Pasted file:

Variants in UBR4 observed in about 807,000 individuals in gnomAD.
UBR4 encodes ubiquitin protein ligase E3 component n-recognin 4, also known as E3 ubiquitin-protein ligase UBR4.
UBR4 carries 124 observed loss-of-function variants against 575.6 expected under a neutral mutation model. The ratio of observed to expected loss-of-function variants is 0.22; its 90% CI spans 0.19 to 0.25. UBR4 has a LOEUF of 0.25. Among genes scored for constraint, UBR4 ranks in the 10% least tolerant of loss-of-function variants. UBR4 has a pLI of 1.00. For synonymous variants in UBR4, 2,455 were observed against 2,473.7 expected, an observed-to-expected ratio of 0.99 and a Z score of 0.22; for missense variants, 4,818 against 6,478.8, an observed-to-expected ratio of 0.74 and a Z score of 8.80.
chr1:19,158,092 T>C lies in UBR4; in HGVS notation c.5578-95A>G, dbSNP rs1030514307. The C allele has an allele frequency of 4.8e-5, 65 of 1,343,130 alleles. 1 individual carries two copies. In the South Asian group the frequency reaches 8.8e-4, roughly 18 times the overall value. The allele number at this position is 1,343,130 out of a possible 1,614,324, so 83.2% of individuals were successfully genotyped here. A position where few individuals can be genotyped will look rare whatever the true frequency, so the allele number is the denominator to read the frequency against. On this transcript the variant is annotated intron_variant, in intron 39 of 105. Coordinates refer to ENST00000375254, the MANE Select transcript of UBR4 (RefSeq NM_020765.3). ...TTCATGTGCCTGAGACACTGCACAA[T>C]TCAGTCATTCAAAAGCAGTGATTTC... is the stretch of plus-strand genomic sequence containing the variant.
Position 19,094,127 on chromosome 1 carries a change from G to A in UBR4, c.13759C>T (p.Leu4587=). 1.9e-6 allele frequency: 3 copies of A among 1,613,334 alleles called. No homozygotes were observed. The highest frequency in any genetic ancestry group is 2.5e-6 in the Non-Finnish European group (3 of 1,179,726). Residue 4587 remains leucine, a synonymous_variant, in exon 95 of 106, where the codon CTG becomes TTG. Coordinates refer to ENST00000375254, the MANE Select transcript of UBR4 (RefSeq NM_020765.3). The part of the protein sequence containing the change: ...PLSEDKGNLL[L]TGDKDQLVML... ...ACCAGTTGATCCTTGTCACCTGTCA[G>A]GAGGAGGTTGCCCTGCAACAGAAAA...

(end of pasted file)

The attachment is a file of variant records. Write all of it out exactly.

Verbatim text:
Variants in UBR4 observed in about 807,000 individuals in gnomAD.
UBR4 encodes ubiquitin protein ligase E3 component n-recognin 4, also known as E3 ubiquitin-protein ligase UBR4.
UBR4 carries 124 observed loss-of-function variants against 575.6 expected under a neutral mutation model. The ratio of observed to expected loss-of-function variants is 0.22; its 90% CI spans 0.19 to 0.25. UBR4 has a LOEUF of 0.25. Among genes scored for constraint, UBR4 ranks in the 10% least tolerant of loss-of-function variants. UBR4 has a pLI of 1.00. For synonymous variants in UBR4, 2,455 were observed against 2,473.7 expected, an observed-to-expected ratio of 0.99 and a Z score of 0.22; for missense variants, 4,818 against 6,478.8, an observed-to-expected ratio of 0.74 and a Z score of 8.80.
chr1:19,158,092 T>C lies in UBR4; in HGVS notation c.5578-95A>G, dbSNP rs1030514307. The C allele has an allele frequency of 4.8e-5, 65 of 1,343,130 alleles. 1 individual carries two copies. In the South Asian group the frequency reaches 8.8e-4, roughly 18 times the overall value. The allele number at this position is 1,343,130 out of a possible 1,614,324, so 83.2% of individuals were successfully genotyped here. A position where few individuals can be genotyped will look rare whatever the true frequency, so the allele number is the denominator to read the frequency against. On this transcript the variant is annotated intron_variant, in intron 39 of 105. Coordinates refer to ENST00000375254, the MANE Select transcript of UBR4 (RefSeq NM_020765.3). ...TTCATGTGCCTGAGACACTGCACAA[T>C]TCAGTCATTCAAAAGCAGTGATTTC... is the stretch of plus-strand genomic sequence containing the variant.
Position 19,094,127 on chromosome 1 carries a change from G to A in UBR4, c.13759C>T (p.Leu4587=). 1.9e-6 allele frequency: 3 copies of A among 1,613,334 alleles called. No homozygotes were observed. The highest frequency in any genetic ancestry group is 2.5e-6 in the Non-Finnish European group (3 of 1,179,726). Residue 4587 remains leucine, a synonymous_variant, in exon 95 of 106, where the codon CTG becomes TTG. Coordinates refer to ENST00000375254, the MANE Select transcript of UBR4 (RefSeq NM_020765.3). The part of the protein sequence containing the change: ...PLSEDKGNLL[L]TGDKDQLVML... ...ACCAGTTGATCCTTGTCACCTGTCA[G>A]GAGGAGGTTGCCCTGCAACAGAAAA...